A genre of Korean court music
Origin: From 아악 (雅樂, aak).
Aak is a genre of Korean court music. It is an imported form of Chinese ritual music. Aak is often labeled as "elegant music" in contrast with other traditional Korean music. Aak began as the music played during the Korean "Jongmyo Shrine's Jerye Ceremony," and was later used for other occasions, and as Korean court music, often with lyrics praising the current ruler. Aak was brought to Korea in 1116 through a large gift of musical instruments from the Song Dynasty emperor Huizong. It remained very popular for a time before dying out. It was revived in 1430, based on a reconstruction of older melodies. The music is now highly specialized, and uses just two different surviving melodies. It is played only at certain very rare concerts, such as the Munmyo jeryeak held each spring and autumn at the Munmyo shrine in Seoul. Aak is one of three types of Korean court music; the other two are dangak and hyangak. Aak is similar to dangak in that both are rarely played and both have Chinese influences. The article on Aak in the Encyclopaedia Britannica is the very first, though it consists only of a cross-reference to the article on gagaku.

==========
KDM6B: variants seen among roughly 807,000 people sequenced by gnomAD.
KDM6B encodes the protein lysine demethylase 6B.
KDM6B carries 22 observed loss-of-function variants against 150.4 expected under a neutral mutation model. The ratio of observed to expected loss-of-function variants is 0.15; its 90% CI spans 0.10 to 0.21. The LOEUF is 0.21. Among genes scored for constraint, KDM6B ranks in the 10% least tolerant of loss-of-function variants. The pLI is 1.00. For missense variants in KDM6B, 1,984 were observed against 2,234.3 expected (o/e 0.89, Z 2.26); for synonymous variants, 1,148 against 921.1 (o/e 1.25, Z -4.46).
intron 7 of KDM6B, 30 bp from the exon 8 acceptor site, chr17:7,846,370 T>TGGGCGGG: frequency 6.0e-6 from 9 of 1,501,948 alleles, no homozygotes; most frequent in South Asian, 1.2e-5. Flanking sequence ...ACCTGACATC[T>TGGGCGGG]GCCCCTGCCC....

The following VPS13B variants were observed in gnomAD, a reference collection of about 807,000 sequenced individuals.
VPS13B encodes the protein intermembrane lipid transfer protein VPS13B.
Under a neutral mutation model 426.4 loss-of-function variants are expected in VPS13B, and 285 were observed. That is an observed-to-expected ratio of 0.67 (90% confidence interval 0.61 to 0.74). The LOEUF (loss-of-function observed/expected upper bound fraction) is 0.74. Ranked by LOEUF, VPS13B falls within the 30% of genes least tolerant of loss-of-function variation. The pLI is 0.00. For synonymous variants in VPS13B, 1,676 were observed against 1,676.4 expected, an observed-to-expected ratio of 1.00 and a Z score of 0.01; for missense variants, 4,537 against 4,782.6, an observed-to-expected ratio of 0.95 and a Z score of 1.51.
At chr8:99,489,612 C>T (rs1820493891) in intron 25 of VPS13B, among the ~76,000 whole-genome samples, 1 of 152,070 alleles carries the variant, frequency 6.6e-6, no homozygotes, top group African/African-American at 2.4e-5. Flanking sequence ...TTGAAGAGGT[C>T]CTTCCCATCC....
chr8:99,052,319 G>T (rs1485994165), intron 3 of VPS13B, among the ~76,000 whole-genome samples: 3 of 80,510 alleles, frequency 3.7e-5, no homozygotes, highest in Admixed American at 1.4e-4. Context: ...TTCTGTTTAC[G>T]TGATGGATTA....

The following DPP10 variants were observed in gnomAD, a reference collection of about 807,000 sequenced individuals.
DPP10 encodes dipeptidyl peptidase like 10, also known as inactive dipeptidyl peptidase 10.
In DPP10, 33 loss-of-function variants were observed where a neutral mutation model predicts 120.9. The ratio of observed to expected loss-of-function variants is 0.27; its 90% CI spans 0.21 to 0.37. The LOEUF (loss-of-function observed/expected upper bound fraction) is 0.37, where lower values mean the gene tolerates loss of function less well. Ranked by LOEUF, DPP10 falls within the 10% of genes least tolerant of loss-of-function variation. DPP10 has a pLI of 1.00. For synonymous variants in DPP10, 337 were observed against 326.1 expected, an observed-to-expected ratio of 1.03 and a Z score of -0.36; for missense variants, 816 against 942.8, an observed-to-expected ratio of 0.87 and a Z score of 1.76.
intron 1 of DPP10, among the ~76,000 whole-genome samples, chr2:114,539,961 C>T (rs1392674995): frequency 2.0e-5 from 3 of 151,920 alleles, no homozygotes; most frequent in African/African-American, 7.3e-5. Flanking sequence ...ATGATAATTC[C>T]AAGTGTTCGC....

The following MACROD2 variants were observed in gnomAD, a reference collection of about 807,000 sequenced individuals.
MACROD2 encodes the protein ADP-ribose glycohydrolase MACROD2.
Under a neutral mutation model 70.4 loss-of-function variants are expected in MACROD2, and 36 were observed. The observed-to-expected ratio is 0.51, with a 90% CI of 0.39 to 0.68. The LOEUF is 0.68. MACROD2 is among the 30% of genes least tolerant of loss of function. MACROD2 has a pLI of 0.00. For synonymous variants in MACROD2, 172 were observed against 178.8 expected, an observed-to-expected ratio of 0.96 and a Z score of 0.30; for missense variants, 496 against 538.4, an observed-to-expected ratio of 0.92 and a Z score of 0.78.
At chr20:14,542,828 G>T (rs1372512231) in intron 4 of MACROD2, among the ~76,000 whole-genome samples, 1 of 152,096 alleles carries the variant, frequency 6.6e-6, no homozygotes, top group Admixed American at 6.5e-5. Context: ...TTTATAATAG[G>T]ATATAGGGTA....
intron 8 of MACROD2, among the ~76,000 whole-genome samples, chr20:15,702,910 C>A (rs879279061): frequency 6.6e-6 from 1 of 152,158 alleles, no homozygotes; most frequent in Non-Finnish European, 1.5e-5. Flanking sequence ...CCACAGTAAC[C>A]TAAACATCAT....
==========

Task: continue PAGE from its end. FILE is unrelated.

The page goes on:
What does AAK stand for? -- Explore the various meanings for the AAK acronym on the Abbreviations.com website.
A.K.A., AKA, a.k.a., a/k/a, aka
The numerical value of AAK in Chaldean Numerology is: 4
The numerical value of AAK in Pythagorean Numerology is: 4
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